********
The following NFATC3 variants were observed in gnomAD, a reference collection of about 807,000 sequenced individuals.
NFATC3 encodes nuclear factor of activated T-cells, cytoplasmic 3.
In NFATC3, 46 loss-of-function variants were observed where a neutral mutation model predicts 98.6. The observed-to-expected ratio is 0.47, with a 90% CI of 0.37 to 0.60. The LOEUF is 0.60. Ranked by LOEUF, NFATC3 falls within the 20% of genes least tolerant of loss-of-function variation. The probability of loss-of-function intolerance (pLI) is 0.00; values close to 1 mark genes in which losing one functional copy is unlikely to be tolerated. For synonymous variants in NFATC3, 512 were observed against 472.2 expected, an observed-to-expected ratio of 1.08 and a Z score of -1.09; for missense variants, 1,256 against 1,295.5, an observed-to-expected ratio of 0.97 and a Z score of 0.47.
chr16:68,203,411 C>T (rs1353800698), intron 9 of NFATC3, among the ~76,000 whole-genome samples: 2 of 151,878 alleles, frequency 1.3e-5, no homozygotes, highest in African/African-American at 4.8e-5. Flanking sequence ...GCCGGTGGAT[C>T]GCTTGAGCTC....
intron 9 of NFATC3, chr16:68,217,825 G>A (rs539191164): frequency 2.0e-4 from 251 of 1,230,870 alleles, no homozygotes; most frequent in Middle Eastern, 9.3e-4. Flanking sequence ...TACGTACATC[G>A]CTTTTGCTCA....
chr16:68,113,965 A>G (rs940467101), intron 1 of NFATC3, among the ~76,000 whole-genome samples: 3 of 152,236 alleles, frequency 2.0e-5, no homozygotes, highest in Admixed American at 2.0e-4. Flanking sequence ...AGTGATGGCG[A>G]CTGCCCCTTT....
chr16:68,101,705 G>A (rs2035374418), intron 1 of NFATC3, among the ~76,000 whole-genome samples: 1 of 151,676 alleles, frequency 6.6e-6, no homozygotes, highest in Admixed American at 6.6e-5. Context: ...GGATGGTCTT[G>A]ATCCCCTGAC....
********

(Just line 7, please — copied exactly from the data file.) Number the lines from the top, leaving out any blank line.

chr16:68,101,705 G>A (rs2035374418), intron 1 of NFATC3, among the ~76,000 whole-genome samples: 1 of 151,676 alleles, frequency 6.6e-6, no homozygotes, highest in Admixed American at 6.6e-5. Context: ...GGATGGTCTT[G>A]ATCCCCTGAC....